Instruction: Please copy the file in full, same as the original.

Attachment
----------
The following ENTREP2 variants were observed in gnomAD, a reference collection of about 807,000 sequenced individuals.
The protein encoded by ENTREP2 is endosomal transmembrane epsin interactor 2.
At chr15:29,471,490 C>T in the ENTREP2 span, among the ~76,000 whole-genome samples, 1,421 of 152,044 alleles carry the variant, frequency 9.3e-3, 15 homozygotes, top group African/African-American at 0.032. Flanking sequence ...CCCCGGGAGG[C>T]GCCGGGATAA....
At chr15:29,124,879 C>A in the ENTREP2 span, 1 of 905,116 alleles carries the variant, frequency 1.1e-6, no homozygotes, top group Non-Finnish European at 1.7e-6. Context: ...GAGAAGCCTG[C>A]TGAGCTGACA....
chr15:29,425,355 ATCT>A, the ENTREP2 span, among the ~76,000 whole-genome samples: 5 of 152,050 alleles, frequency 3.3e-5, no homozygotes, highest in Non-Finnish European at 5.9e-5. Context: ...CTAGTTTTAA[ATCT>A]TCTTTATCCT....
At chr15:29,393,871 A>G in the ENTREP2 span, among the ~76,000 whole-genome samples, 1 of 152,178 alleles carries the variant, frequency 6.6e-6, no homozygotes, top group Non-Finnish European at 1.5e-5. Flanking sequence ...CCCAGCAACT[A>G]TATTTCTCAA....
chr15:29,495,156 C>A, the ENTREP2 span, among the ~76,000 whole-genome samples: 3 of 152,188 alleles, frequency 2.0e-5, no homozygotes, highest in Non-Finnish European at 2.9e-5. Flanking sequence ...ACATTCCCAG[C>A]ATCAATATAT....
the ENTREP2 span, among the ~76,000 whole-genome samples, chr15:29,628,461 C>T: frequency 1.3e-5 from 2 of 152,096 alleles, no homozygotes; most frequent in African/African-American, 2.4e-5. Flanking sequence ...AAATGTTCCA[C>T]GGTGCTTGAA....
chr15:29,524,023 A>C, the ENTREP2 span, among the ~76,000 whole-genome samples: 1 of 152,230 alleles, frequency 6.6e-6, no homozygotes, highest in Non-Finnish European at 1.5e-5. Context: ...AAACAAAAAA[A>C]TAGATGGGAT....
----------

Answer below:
The following ENTREP2 variants were observed in gnomAD, a reference collection of about 807,000 sequenced individuals.
The protein encoded by ENTREP2 is endosomal transmembrane epsin interactor 2.
At chr15:29,471,490 C>T in the ENTREP2 span, among the ~76,000 whole-genome samples, 1,421 of 152,044 alleles carry the variant, frequency 9.3e-3, 15 homozygotes, top group African/African-American at 0.032. Flanking sequence ...CCCCGGGAGG[C>T]GCCGGGATAA....
At chr15:29,124,879 C>A in the ENTREP2 span, 1 of 905,116 alleles carries the variant, frequency 1.1e-6, no homozygotes, top group Non-Finnish European at 1.7e-6. Context: ...GAGAAGCCTG[C>A]TGAGCTGACA....
chr15:29,425,355 ATCT>A, the ENTREP2 span, among the ~76,000 whole-genome samples: 5 of 152,050 alleles, frequency 3.3e-5, no homozygotes, highest in Non-Finnish European at 5.9e-5. Context: ...CTAGTTTTAA[ATCT>A]TCTTTATCCT....
At chr15:29,393,871 A>G in the ENTREP2 span, among the ~76,000 whole-genome samples, 1 of 152,178 alleles carries the variant, frequency 6.6e-6, no homozygotes, top group Non-Finnish European at 1.5e-5. Flanking sequence ...CCCAGCAACT[A>G]TATTTCTCAA....
chr15:29,495,156 C>A, the ENTREP2 span, among the ~76,000 whole-genome samples: 3 of 152,188 alleles, frequency 2.0e-5, no homozygotes, highest in Non-Finnish European at 2.9e-5. Flanking sequence ...ACATTCCCAG[C>A]ATCAATATAT....
the ENTREP2 span, among the ~76,000 whole-genome samples, chr15:29,628,461 C>T: frequency 1.3e-5 from 2 of 152,096 alleles, no homozygotes; most frequent in African/African-American, 2.4e-5. Flanking sequence ...AAATGTTCCA[C>T]GGTGCTTGAA....
chr15:29,524,023 A>C, the ENTREP2 span, among the ~76,000 whole-genome samples: 1 of 152,230 alleles, frequency 6.6e-6, no homozygotes, highest in Non-Finnish European at 1.5e-5. Context: ...AAACAAAAAA[A>C]TAGATGGGAT....